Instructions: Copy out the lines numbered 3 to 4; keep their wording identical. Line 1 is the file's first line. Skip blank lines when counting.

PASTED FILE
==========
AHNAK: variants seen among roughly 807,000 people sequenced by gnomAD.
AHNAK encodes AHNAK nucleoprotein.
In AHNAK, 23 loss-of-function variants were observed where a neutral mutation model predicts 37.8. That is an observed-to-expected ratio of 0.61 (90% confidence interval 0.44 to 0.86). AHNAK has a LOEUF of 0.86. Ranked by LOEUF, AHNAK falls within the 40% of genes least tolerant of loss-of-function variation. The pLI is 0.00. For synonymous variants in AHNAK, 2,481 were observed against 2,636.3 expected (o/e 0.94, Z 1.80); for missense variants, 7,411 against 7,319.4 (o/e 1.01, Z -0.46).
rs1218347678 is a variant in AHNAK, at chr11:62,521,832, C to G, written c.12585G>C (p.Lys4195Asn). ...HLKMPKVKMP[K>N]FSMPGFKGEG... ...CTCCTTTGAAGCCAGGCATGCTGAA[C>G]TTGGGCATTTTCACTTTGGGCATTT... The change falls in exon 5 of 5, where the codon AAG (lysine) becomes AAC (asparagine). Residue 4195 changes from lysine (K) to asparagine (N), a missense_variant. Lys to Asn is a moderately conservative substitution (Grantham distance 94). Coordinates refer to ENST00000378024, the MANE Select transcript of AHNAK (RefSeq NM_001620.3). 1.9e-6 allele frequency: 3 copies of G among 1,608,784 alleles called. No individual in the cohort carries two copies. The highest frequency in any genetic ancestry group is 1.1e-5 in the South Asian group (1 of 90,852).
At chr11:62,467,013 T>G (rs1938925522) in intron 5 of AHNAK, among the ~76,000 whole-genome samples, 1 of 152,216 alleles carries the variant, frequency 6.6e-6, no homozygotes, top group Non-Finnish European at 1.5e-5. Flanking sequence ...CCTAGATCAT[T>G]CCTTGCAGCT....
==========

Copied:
In AHNAK, 23 loss-of-function variants were observed where a neutral mutation model predicts 37.8. That is an observed-to-expected ratio of 0.61 (90% confidence interval 0.44 to 0.86). AHNAK has a LOEUF of 0.86. Ranked by LOEUF, AHNAK falls within the 40% of genes least tolerant of loss-of-function variation. The pLI is 0.00. For synonymous variants in AHNAK, 2,481 were observed against 2,636.3 expected (o/e 0.94, Z 1.80); for missense variants, 7,411 against 7,319.4 (o/e 1.01, Z -0.46).
rs1218347678 is a variant in AHNAK, at chr11:62,521,832, C to G, written c.12585G>C (p.Lys4195Asn). ...HLKMPKVKMP[K>N]FSMPGFKGEG... ...CTCCTTTGAAGCCAGGCATGCTGAA[C>G]TTGGGCATTTTCACTTTGGGCATTT... The change falls in exon 5 of 5, where the codon AAG (lysine) becomes AAC (asparagine). Residue 4195 changes from lysine (K) to asparagine (N), a missense_variant. Lys to Asn is a moderately conservative substitution (Grantham distance 94). Coordinates refer to ENST00000378024, the MANE Select transcript of AHNAK (RefSeq NM_001620.3). 1.9e-6 allele frequency: 3 copies of G among 1,608,784 alleles called. No individual in the cohort carries two copies. The highest frequency in any genetic ancestry group is 1.1e-5 in the South Asian group (1 of 90,852).